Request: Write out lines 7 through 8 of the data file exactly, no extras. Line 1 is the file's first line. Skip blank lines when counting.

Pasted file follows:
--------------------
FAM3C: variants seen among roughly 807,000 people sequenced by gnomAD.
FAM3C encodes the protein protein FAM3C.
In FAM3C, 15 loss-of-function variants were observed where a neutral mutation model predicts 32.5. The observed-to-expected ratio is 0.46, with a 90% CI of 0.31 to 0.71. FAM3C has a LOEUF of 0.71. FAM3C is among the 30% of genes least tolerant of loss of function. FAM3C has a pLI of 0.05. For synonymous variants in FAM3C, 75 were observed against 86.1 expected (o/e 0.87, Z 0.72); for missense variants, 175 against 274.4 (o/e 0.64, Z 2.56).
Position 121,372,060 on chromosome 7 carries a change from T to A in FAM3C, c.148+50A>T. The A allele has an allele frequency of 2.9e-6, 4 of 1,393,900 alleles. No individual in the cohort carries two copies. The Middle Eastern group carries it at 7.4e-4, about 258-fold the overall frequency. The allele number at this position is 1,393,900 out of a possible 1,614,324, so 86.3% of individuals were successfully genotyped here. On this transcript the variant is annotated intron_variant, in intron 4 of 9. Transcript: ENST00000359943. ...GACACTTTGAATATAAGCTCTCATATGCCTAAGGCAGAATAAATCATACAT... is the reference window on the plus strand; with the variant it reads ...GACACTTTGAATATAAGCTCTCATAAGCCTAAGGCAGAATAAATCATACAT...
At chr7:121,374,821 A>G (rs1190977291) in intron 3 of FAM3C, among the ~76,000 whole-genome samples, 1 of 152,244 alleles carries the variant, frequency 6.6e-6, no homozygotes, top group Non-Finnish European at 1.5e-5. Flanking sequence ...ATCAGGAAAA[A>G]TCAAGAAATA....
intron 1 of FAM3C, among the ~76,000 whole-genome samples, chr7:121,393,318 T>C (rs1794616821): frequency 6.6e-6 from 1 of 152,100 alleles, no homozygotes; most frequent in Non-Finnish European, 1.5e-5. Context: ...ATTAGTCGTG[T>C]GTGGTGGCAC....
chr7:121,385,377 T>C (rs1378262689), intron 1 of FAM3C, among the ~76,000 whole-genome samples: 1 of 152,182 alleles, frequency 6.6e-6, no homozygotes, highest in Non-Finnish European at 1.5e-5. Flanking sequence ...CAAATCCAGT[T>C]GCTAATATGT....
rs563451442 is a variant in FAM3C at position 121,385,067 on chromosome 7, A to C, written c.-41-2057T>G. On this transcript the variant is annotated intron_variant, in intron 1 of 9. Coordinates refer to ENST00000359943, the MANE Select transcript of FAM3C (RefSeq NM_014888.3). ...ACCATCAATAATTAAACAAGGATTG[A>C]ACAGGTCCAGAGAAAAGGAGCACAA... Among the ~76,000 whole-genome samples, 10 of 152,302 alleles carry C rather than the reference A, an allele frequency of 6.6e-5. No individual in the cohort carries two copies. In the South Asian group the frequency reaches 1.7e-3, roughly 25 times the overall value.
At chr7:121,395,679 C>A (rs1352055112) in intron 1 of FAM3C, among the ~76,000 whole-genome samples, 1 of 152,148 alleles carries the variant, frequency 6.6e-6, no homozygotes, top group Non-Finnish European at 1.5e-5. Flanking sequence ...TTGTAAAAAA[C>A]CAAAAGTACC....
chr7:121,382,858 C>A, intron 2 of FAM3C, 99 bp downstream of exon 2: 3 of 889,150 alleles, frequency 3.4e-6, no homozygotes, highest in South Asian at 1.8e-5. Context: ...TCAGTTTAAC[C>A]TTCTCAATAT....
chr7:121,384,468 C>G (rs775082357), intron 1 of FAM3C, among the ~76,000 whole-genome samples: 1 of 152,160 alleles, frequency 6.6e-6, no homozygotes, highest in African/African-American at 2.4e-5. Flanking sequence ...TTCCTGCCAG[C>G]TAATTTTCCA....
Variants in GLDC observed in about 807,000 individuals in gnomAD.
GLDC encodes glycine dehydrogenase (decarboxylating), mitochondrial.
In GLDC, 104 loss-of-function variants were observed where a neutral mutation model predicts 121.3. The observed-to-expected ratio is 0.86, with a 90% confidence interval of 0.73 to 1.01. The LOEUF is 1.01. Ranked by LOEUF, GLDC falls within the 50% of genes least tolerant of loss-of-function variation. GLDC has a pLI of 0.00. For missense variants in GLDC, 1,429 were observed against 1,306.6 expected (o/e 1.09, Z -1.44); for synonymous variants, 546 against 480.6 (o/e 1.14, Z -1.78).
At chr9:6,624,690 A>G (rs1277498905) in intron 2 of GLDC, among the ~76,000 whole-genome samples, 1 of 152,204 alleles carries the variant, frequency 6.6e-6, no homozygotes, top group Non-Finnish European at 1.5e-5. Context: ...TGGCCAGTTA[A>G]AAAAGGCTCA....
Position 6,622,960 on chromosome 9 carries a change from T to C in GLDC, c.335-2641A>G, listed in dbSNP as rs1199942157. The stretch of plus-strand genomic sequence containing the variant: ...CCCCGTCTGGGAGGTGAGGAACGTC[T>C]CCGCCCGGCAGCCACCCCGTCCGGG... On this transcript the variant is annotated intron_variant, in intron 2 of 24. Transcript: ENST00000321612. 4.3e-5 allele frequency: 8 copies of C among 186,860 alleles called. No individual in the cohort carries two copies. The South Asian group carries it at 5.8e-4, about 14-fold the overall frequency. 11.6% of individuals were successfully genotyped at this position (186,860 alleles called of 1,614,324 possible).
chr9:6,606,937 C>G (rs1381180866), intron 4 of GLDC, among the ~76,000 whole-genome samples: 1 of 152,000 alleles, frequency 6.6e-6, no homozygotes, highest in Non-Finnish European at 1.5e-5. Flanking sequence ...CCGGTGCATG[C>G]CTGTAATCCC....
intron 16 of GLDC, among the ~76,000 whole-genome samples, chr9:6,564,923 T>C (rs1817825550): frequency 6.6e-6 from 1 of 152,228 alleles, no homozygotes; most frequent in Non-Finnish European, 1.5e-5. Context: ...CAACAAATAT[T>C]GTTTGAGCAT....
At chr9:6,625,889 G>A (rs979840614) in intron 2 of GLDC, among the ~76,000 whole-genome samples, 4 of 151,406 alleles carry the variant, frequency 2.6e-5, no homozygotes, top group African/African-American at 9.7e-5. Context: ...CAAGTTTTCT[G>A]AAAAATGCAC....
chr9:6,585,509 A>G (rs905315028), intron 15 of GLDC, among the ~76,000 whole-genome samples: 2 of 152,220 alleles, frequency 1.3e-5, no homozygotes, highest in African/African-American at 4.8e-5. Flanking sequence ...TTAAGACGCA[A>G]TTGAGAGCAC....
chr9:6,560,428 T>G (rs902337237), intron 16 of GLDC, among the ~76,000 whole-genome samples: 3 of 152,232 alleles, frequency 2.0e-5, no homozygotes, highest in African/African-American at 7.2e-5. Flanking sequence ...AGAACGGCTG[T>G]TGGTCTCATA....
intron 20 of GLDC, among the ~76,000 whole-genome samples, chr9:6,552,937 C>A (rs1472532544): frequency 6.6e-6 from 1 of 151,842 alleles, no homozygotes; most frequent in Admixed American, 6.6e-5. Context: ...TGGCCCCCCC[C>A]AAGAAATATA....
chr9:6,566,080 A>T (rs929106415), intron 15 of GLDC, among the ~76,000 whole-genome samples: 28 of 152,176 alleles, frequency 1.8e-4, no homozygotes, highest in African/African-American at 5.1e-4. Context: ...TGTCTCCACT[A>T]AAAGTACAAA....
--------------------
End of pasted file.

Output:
chr7:121,385,377 T>C (rs1378262689), intron 1 of FAM3C, among the ~76,000 whole-genome samples: 1 of 152,182 alleles, frequency 6.6e-6, no homozygotes, highest in Non-Finnish European at 1.5e-5. Flanking sequence ...CAAATCCAGT[T>C]GCTAATATGT....
rs563451442 is a variant in FAM3C at position 121,385,067 on chromosome 7, A to C, written c.-41-2057T>G. On this transcript the variant is annotated intron_variant, in intron 1 of 9. Coordinates refer to ENST00000359943, the MANE Select transcript of FAM3C (RefSeq NM_014888.3). ...ACCATCAATAATTAAACAAGGATTG[A>C]ACAGGTCCAGAGAAAAGGAGCACAA... Among the ~76,000 whole-genome samples, 10 of 152,302 alleles carry C rather than the reference A, an allele frequency of 6.6e-5. No individual in the cohort carries two copies. In the South Asian group the frequency reaches 1.7e-3, roughly 25 times the overall value.